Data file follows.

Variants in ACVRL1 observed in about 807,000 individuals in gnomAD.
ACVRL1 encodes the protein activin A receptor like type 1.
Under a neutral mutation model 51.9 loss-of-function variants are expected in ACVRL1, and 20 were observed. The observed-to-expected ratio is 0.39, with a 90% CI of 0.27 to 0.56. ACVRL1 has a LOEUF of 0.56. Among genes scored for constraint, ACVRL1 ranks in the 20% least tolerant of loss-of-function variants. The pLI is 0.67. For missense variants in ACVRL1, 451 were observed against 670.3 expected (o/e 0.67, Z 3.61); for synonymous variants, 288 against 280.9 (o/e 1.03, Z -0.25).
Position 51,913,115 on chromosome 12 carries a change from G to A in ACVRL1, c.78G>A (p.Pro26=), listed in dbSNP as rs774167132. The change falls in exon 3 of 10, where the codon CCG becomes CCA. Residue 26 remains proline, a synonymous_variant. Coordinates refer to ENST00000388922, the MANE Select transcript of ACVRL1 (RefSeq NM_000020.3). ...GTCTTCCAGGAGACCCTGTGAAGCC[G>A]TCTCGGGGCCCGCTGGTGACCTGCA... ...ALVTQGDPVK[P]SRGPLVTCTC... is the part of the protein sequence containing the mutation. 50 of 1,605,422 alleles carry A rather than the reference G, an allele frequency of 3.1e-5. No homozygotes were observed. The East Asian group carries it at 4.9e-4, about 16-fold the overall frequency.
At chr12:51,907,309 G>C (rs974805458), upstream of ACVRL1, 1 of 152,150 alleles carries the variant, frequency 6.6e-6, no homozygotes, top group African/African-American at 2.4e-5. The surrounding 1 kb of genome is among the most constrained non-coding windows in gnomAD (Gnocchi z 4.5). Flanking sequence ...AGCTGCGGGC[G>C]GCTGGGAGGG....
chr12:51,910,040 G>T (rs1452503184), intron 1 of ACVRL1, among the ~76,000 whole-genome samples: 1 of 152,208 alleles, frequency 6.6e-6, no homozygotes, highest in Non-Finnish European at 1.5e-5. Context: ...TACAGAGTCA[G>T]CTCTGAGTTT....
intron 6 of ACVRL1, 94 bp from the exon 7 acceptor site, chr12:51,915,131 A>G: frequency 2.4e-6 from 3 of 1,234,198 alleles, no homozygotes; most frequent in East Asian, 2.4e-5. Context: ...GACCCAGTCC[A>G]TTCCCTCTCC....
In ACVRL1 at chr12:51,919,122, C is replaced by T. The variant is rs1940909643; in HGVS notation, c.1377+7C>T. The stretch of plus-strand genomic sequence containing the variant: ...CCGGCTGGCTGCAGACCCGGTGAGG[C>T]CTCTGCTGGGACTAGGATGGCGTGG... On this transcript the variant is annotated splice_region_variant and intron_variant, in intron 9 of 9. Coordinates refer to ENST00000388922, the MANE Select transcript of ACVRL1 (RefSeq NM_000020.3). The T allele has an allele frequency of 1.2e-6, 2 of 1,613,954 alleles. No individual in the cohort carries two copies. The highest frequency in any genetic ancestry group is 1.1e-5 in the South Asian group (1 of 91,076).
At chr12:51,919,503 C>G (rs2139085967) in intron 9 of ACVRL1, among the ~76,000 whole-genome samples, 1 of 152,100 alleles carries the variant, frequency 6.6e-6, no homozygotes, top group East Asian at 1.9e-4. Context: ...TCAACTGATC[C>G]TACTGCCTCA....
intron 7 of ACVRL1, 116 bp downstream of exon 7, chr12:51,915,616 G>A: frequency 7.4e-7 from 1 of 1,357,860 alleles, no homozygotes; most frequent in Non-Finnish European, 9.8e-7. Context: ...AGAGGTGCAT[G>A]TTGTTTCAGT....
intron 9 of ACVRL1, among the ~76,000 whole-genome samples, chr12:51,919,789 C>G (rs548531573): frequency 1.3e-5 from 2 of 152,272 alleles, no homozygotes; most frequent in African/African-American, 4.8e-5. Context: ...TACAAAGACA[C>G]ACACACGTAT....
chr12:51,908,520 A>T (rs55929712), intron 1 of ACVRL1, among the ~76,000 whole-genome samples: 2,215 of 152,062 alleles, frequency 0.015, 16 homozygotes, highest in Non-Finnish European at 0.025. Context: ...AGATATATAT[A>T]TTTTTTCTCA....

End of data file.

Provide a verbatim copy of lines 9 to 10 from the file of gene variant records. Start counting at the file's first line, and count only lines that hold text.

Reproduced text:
At chr12:51,919,503 C>G (rs2139085967) in intron 9 of ACVRL1, among the ~76,000 whole-genome samples, 1 of 152,100 alleles carries the variant, frequency 6.6e-6, no homozygotes, top group East Asian at 1.9e-4. Context: ...TCAACTGATC[C>G]TACTGCCTCA....
intron 7 of ACVRL1, 116 bp downstream of exon 7, chr12:51,915,616 G>A: frequency 7.4e-7 from 1 of 1,357,860 alleles, no homozygotes; most frequent in Non-Finnish European, 9.8e-7. Context: ...AGAGGTGCAT[G>A]TTGTTTCAGT....